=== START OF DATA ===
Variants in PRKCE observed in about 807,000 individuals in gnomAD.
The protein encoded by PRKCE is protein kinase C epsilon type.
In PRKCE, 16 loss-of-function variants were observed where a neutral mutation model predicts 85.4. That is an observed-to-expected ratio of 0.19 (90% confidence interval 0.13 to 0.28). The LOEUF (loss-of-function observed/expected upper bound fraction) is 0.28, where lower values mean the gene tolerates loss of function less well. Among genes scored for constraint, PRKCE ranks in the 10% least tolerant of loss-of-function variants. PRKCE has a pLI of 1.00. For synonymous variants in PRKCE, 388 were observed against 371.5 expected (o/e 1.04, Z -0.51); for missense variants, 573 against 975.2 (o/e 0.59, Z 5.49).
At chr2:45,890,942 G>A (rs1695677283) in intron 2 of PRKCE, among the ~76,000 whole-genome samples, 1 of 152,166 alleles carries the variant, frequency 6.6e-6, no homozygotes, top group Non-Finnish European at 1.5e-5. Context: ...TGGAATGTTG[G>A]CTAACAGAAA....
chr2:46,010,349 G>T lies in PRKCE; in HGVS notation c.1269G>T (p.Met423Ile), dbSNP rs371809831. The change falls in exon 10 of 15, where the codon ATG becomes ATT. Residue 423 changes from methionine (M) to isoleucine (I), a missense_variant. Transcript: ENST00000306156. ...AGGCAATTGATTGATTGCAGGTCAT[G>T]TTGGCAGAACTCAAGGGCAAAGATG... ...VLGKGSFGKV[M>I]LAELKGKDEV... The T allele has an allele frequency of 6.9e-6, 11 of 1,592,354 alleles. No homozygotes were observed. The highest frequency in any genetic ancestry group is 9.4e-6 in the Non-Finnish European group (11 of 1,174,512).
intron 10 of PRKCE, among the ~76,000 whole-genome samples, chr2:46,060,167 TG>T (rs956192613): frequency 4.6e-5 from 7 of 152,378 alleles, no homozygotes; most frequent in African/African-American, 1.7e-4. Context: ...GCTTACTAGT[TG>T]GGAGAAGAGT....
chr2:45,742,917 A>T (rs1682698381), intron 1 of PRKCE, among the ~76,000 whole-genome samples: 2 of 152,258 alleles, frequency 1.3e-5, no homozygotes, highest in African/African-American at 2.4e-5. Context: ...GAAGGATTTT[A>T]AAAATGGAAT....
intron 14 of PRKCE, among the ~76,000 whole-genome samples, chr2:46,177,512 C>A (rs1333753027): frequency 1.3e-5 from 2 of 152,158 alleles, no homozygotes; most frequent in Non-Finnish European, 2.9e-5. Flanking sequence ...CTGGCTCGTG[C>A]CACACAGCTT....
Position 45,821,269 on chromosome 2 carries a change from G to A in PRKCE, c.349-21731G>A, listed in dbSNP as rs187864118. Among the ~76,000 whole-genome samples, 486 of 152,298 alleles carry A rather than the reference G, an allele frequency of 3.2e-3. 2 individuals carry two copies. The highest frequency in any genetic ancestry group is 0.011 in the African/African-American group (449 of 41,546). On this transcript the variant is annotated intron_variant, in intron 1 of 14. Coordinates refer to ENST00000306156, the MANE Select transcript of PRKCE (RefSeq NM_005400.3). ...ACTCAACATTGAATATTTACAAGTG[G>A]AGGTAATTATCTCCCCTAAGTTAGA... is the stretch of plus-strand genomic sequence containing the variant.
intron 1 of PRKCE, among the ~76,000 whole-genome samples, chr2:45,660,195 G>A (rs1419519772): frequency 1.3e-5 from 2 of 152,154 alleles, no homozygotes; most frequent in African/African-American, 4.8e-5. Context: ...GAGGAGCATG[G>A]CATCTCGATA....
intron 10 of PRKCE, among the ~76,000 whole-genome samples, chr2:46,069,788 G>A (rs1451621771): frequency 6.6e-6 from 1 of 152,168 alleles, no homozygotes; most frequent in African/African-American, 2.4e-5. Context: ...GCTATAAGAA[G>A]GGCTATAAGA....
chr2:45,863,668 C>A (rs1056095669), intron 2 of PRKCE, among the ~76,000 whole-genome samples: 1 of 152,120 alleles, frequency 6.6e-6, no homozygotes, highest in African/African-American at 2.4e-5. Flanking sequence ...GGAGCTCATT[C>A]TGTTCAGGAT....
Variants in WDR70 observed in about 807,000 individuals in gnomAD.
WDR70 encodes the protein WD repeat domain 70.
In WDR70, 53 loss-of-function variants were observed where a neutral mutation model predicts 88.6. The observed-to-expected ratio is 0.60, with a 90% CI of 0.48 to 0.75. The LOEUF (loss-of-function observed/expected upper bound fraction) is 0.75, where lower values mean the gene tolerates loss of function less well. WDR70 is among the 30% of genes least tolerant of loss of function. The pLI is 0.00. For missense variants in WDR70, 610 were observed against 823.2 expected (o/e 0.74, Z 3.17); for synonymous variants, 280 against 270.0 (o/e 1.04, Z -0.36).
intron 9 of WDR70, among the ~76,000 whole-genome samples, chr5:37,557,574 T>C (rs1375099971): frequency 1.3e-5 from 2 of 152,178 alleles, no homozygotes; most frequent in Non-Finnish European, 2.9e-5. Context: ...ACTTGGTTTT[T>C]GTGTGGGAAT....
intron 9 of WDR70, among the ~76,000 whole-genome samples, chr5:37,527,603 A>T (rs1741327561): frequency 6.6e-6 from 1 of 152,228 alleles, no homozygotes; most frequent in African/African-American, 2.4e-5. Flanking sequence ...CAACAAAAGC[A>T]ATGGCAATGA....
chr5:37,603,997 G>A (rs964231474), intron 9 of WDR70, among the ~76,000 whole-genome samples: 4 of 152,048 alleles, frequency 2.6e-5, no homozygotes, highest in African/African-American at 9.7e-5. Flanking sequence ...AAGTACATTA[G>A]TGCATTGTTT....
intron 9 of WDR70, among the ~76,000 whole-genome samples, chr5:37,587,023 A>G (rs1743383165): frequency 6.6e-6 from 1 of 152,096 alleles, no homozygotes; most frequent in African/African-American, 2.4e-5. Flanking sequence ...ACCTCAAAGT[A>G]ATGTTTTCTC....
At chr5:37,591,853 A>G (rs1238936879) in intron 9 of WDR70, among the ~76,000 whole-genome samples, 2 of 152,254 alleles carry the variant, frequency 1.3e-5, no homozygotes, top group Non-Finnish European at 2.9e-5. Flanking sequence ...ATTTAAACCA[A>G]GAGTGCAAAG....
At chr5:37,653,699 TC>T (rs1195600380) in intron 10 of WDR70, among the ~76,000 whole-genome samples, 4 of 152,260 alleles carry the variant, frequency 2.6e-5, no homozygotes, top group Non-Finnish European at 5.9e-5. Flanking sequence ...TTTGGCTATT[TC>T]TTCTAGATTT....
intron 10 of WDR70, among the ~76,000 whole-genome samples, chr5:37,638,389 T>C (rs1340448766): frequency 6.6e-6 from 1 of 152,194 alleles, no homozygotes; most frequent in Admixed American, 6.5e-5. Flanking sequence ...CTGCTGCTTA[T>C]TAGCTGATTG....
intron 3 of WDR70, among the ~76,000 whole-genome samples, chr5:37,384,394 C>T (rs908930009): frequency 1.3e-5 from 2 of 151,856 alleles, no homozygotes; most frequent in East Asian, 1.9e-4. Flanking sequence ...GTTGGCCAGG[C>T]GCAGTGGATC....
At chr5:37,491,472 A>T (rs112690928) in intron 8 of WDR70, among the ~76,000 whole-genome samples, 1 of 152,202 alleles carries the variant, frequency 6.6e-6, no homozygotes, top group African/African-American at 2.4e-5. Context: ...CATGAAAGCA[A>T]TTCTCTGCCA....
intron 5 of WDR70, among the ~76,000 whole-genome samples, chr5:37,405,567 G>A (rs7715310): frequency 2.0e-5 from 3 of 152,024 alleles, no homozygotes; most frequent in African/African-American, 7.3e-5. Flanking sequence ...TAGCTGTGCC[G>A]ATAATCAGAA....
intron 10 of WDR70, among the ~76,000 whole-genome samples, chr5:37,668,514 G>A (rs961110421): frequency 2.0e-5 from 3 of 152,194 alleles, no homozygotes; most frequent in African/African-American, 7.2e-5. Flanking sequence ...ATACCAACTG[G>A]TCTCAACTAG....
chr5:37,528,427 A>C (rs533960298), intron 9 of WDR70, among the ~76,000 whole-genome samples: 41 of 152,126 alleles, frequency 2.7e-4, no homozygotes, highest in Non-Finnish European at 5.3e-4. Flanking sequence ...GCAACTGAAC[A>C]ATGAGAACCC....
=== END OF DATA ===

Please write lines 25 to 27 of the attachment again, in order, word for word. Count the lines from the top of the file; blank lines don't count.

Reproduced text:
intron 5 of WDR70, among the ~76,000 whole-genome samples, chr5:37,405,567 G>A (rs7715310): frequency 2.0e-5 from 3 of 152,024 alleles, no homozygotes; most frequent in African/African-American, 7.3e-5. Flanking sequence ...TAGCTGTGCC[G>A]ATAATCAGAA....
intron 10 of WDR70, among the ~76,000 whole-genome samples, chr5:37,668,514 G>A (rs961110421): frequency 2.0e-5 from 3 of 152,194 alleles, no homozygotes; most frequent in African/African-American, 7.2e-5. Flanking sequence ...ATACCAACTG[G>A]TCTCAACTAG....
chr5:37,528,427 A>C (rs533960298), intron 9 of WDR70, among the ~76,000 whole-genome samples: 41 of 152,126 alleles, frequency 2.7e-4, no homozygotes, highest in Non-Finnish European at 5.3e-4. Flanking sequence ...GCAACTGAAC[A>C]ATGAGAACCC....